Intel has just made a pretty significant announcement — it’s rebranding its processors. Starting with Meteor Lake CPUs, Intel’s consumer processors will bear a new name: Intel Core and Intel Core Ultra. Even more head-turning, Intel will also drop the iconic “i” in its naming scheme.
The change might seem subtle on the surface, but it says something meaningful about the state of the industry and Intel’s role in it. For so many years, Intel’s commanding lead in the processor world meant its competitors were the ones mimicking its approach to product names and marketing — AMD, most obviously.
But with this new naming convention, Intel is adopting a bit of a blend of what AMD and Apple are doing. For the first time in a long time, Intel is chasing its competitors instead of leading the pack. It’s an admission that we’ve entered a new epoch — one where Intel’s brand might not mean what it used to for the average buyer.
Intel is also dropping mentions of generation.
With the new branding, Intel is focusing on the “Core” part of the naming scheme and drops the “i” from processor tiers like i3 and i9. As such, a CPU that would have previously been called “Intel Core i5-14600K” will now become “Intel Core 5 14600K.”
Overall, the tiering will still be split into 3/5/7/9, just like AMD Ryzen CPUs, but the “i” is now gone.
That’s not all of it, though. Intel is now trying to further emphasize the difference between its mainstream chips and the high-end segment. From now on, Intel’s future CPUs will either belong to the Intel Core family or the Intel Core Ultra family, not unlike Apple’s Pro, Max, and Ultra tiers.
Of course, this is Intel, so there’s some overlap between the two lines, as the Core and Core Ultra both have tier 5 and 7 chips. It’s a little confusing, but the general idea is that the Core Ultra chips offer premium performance. Intel hasn’t explained how overclocking fits into that, but Tom’s Hardware notes that a chip won’t need to belong to the current K-series in order to be branded as Intel Core Ultra.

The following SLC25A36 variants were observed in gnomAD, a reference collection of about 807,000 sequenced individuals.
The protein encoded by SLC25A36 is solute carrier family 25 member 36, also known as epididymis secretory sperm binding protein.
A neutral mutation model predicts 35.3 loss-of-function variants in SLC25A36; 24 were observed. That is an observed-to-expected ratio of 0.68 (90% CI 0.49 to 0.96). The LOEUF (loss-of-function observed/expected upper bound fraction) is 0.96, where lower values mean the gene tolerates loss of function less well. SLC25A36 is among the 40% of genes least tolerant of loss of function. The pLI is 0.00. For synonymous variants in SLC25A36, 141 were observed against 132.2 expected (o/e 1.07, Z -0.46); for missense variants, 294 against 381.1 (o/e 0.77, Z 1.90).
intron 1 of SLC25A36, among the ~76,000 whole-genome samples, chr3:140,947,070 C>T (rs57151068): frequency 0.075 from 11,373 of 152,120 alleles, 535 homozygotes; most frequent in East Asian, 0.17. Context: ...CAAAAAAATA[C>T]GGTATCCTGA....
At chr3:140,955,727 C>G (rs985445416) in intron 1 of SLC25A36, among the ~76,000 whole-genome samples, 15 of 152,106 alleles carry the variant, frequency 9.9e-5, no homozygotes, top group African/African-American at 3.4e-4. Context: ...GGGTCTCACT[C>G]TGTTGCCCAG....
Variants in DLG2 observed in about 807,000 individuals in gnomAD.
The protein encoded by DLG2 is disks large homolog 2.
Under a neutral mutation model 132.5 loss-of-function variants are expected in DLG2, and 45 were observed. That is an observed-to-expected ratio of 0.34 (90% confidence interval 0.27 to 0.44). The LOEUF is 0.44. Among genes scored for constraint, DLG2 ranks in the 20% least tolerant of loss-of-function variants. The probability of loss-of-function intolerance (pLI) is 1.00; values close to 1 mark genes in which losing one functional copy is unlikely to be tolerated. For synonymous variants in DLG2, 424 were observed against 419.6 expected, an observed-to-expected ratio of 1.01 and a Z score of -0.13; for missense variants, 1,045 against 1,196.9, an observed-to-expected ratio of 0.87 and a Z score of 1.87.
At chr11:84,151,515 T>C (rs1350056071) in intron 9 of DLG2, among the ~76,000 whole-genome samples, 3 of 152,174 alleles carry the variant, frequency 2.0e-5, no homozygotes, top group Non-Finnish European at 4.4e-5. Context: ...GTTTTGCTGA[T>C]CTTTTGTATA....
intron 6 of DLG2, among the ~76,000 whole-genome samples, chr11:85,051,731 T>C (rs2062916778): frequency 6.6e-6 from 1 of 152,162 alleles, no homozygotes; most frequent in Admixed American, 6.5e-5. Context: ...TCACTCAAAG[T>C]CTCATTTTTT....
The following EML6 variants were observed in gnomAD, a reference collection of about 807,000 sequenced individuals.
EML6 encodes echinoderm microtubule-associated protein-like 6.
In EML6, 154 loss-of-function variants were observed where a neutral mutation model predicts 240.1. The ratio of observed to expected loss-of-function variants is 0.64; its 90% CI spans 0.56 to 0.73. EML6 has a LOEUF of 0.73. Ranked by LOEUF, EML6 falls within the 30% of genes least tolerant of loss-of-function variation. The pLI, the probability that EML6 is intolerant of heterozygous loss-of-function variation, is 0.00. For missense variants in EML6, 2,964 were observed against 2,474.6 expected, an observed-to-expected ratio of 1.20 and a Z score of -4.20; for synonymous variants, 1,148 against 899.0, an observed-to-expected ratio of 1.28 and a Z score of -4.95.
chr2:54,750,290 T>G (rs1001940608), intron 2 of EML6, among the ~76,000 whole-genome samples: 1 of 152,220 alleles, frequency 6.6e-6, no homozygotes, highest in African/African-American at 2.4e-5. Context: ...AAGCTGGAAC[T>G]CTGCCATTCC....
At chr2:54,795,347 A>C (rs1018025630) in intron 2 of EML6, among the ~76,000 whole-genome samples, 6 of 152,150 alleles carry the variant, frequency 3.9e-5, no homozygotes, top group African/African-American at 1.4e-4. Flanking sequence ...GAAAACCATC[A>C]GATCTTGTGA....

Intel is also dropping mentions of generation. Before, we’d often see Intel refer to its CPUs as, for example, “Intel 13th Generation Core i9-13900K Processor.” Now, we’ll have to rely on the numbers after the tier to tell the generation.
The company also states that it prefers for the processor number to follow the word “processor.” As such, the full name of a next-gen CPU would now be Intel Core Ultra 7 Processor 14700K. It’s safe to assume that most people will drop the “processor” much the way Intel dropped the “i,” though. We’ll start seeing references to Core Ultra 7 14700K instead.
These changes don’t apply retroactively, so all the Raptor Lake (and older) chips that we already know are sticking to the old naming convention. However, it’s unclear what exactly will happen to Intel’s new products. After all, we’re expecting Meteor Lake for mobile first, and desktop users are most likely only getting a Raptor Lake refresh.
It’s a bold move for Intel to change its tried-and-true branding. We saw it coming over a month ago, and yet, it still feels like it’ll take some getting used to. I won’t blame them for wanting to stay current, and maybe the willingness to shift directions is a positive sign for the company. After all, the last thing a company wants is to appear stodgy and old-school.
The changes won’t leave Intel’s products unrecognizable, but it certainly indicates we’ve entered a new era in the world of processors — and Intel clearly isn’t the one defining it.
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